When severe storms and hail hit your corn and soybean fields, it's important to estimate yield losses to determine the need for future inputs and alternative management strategies. This guide offers steps to evaluate mid-season hail damage and estimate potential yield losses.
After recent severe storms that rolled across parts of Nebraska, growers are encouraged to wait 7-10 days to fully assess crop damage and determine next management steps. Research-based estimated yields from replanting now are included.
In 2017 large populations of painted lady butterflies were seen across the state, raising concerns about whether the larvae form (thistle caterpillars) of this insect would cause damage to soybean fields.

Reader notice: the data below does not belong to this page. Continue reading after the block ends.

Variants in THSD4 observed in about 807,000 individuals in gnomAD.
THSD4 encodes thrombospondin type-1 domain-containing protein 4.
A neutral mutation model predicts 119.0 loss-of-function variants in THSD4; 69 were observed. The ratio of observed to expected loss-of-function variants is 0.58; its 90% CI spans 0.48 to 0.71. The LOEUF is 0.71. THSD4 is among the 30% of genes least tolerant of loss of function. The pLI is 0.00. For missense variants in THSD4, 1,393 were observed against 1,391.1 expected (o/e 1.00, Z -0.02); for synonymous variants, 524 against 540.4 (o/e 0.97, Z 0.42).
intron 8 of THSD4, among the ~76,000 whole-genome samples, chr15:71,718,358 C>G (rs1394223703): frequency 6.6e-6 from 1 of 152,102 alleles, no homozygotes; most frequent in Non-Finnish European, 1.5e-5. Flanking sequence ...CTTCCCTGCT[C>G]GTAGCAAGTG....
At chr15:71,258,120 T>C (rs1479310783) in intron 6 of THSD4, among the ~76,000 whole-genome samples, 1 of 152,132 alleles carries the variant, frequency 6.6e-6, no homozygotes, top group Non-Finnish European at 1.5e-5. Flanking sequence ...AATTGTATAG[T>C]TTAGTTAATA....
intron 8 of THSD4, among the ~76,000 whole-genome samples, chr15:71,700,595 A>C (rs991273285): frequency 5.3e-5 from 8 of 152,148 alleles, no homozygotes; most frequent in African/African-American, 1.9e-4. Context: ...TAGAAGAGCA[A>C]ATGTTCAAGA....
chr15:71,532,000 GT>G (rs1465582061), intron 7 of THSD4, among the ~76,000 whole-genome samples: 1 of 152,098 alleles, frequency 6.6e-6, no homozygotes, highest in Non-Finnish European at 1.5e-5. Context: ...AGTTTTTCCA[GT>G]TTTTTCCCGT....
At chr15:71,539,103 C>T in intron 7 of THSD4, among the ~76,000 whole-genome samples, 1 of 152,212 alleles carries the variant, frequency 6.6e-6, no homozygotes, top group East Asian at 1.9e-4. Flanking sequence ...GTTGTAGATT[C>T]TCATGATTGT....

As corn begins to emerge, be alert to the potential for damage from early season insects such as cutworms, wireworms, white grubs or wheat stem maggot. Seed treatments provide some protection, but can be overwhelmed in some circumstances, allowing losses.
From the 2018 Crop Production Clinic Proceedings: Corn rootworm continues to be a problem for Nebraska growers who rotate crops infrequently. Additionally, resistance to insecticides and some Bt corn reduces efficacy of these important tools in some fields.
Should the cold spring delay cover crop termination? Growers walk a fine line between growing cover crops long enough to get the biomass they want without reducing yield in the following grain crop. This discussion from an agronomist, entomologist and weed scientist looks at various factors to consider.